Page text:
Safety Tips: 5 Easy Tips On How To Keep Snakes From Slithering Up Your Toilet

5 Easy Tips On How To Keep Snakes From Slithering Up Your Toilet
In this article, we'll be seeing some ways snakes enter our toilets, sinks and bathrooms and how we can prevent it from happening.
You might not have experienced it before, but the thought of entering your toilet for the normal business and then jamming those long, creepy creatures along is scary. The fact remains that no matter what you're told about snakes being beautiful and lovely, they're still the most dangerous creatures we can find around us.

Your toilet is not a snake farm, neither are you a snake farmer, so you won't have all the necessary equipment to guard, or even treat yourself of any snake bites.

How Do Snakes Get Into Our Toilets, Sinks And Bathrooms?

The question on how snakes and other reptiles manage to enter our bathrooms has been asked by many individuals all over the world. This issue is not only common in Africa, you'll also hear about it in the Western World, especially in areas near wildlife.

• Ventilation pipes

One of the ways snakes get into our bathrooms are through the ventilation pipes. Yes, those pipes attached to drainage pipes near one or more traps, which leads to outside air. Snakes can easily their way through the ventilation system and, soon, into your toilet. 
This however happens if there are trees close to your building. The reptiles will easily find their ways through the trees to your roof tops, and down your ventilation pipes.

• Slithering from below

If you one day, open the toilet lid to find a snake inside (like the photo above), it is likely that it must have come from the sewer pipes. This can be caused by a break in the sewer lines or a loose cover on your septic tank.
While this might sound like a fantasy or fiction, it is real and happens often than you could imagine. In this Nairaland post, a pregnant woman got bitten by a snake inside her WC in the early mornings of a cold January.

While I was still in the Imo State University, one of my neighbours saw a snake inside his toilet and we helped her kill it. This isn't a matter of I was told or I read it up, I witnessed this myself and from what we observed, the snake came through the  sewer pipes.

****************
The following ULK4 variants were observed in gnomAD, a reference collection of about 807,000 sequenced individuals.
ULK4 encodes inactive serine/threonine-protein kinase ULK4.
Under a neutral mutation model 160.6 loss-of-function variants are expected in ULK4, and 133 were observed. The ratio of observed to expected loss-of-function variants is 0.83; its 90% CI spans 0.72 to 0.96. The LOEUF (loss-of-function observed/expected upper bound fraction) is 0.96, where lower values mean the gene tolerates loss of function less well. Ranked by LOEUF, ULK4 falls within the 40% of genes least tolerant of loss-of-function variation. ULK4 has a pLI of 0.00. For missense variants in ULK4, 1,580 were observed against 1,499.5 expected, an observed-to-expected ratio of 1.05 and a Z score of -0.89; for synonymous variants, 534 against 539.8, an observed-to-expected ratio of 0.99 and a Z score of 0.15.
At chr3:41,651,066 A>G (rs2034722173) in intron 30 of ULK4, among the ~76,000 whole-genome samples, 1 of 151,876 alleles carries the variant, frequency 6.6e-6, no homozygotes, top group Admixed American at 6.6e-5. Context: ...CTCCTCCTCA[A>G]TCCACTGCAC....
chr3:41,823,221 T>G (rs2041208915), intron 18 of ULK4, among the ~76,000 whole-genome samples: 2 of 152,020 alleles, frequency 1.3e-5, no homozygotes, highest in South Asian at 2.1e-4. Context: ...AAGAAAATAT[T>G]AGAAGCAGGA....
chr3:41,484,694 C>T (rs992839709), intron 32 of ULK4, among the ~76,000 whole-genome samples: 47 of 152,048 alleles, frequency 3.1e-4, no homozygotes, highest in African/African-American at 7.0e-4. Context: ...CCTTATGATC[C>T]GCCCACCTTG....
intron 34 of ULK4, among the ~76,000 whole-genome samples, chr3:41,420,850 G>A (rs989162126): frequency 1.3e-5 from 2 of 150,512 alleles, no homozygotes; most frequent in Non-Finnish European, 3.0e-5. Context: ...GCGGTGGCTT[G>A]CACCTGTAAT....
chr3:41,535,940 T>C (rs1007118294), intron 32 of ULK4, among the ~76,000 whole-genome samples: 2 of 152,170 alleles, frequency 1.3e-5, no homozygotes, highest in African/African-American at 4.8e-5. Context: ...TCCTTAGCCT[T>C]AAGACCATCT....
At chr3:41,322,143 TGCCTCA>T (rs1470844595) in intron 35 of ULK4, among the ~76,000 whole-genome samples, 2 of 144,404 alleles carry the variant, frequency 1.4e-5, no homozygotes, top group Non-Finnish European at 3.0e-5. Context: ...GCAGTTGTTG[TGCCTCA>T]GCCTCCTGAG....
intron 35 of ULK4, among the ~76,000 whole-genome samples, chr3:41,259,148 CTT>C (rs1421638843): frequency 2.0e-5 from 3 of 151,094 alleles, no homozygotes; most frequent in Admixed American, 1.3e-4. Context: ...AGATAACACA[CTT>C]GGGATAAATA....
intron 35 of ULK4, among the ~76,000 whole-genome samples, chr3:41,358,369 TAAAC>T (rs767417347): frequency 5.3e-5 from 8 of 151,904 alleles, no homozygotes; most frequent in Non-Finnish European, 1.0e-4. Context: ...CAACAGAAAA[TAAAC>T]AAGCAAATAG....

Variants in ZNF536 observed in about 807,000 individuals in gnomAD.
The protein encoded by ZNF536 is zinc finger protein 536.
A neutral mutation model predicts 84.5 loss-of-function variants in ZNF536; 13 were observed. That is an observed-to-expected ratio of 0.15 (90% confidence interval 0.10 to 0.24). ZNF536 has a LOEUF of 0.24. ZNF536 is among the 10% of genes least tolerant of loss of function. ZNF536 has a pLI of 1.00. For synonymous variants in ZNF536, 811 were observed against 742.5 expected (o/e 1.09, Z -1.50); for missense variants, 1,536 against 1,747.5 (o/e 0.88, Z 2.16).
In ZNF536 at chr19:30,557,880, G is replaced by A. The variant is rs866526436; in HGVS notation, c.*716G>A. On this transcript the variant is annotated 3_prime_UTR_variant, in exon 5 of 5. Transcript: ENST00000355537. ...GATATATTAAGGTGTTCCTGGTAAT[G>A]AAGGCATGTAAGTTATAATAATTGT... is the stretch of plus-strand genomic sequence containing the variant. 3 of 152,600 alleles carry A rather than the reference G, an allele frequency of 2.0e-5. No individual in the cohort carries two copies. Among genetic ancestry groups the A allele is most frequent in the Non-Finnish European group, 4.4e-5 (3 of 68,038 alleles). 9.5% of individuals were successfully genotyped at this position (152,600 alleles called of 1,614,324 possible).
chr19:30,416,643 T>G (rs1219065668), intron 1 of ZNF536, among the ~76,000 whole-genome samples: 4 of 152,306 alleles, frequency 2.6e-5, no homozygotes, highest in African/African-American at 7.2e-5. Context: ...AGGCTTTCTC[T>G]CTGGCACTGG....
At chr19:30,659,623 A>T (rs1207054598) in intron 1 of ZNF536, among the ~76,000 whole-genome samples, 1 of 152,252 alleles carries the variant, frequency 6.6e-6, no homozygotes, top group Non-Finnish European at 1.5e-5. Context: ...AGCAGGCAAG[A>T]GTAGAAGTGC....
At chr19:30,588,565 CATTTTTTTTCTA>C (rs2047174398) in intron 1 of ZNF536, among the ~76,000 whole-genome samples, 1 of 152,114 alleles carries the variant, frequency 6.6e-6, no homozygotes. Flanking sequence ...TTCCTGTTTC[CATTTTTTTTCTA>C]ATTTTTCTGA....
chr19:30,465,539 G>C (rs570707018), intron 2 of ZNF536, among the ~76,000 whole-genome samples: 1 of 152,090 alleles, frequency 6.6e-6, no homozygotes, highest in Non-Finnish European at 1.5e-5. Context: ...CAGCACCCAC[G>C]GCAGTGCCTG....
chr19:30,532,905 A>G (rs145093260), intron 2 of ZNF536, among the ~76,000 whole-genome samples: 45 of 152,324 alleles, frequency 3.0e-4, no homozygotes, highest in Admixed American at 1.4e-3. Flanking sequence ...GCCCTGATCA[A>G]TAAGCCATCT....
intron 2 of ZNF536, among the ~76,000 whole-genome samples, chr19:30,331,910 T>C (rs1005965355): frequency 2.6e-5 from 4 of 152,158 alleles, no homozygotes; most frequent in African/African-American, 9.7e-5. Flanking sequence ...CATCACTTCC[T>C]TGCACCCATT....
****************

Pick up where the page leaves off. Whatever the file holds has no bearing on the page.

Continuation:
The hostel was one of the best in the area (Aladinma) and was pretty expensive, so it wasn't a matter of poor maintenance, but nature playing.

• Through broken pipes

Another way snakes and reptiles can enter your toilet is through broken pipes and like I earlier said, slabs not properly covered. Some families 

What you should know...

The sight of a snake in the bathroom will likely unnerve you, but it shouldn't displace you. There is a great possibility that you just sighted a harmless python that got into the toiled while chasing a prey rat. In this case, you can easily kill it without having to fear about it fighting back.
What if it turns out to be a cobra? Then running without remembering to close the toilet lid might be putting the lives of everyone living with you in a great danger. You might be giving the intruder an opportunity to crawl out and hide, and you know the implication?

How to prevent snakes from getting into your sinks, toilets and bathrooms

I'll be sharing some tips on how to easily snake-proof your toilets, sinks and bathrooms. The things I'll be sharing won't only protect you from snakes, but other reptiles and rodents that might want to sneak in through the toilet.

• Repair all broken pipes: 

Broken pipes are one of the easiest ways through which snakes and other reptiles get into our toilets. If you don't want to jam a snake inside your bathroom, I advise you conduct regular maintenance checks on your sewage system.
Also, try getting a thick pipe when running your waste pipe because rats can easily make hole on a light pipe thereby creating avenue for other creatures to make use of it.

• Your vent too:

Like I earlier stated, snakes can easily find their ways through the trees to your roof tops, and down your ventilation pipes. To prevent this, you may need to put a screen over the vent opening in the roof.
One thing you might experience if you do this is that the screen might periodically start exhibiting symptoms of poor venting, including slow draining and sewer smells, so you should also endeavour to clean the screen periodically.

• Cover your septic tanks:

I've seen a number of people leaving their slabs open, probably after running repairs on it. This can also lead to snakes or other reptiles turning the slab to their home and sometimes paying you a visit inside the house. 
To avoid short stories that touch in the future, always ensure that the plumber cements the slabs after carrying out the repairs.

• Periodically fumigate your sewage system:

Another way of reducing the chances snakes getting into your toilets is by disinfecting or purifying it with chemicals. Fumigation of your sewage system should be carried out at least every 6 months. also there are pesticides that are made specifically for this purpose.
Also, you can periodically pour in salt into the water closet as reptiles and salts don't go hand in hand. Salts are very affordable and can be easily gotten in the retail stores around you.

• Always check:

Lastly, always endeavour to look inside the water closet before sitting down to perform any transactions on it. Remember the story of the pregnant woman that I shared above, a regular check should have gone a long way towards protecting her.

What did I miss? Don't hesitating in dropping them as comments below, we'd really appreciate that. Before you leave, also check out these very important tips on how to use the public toilets safely.
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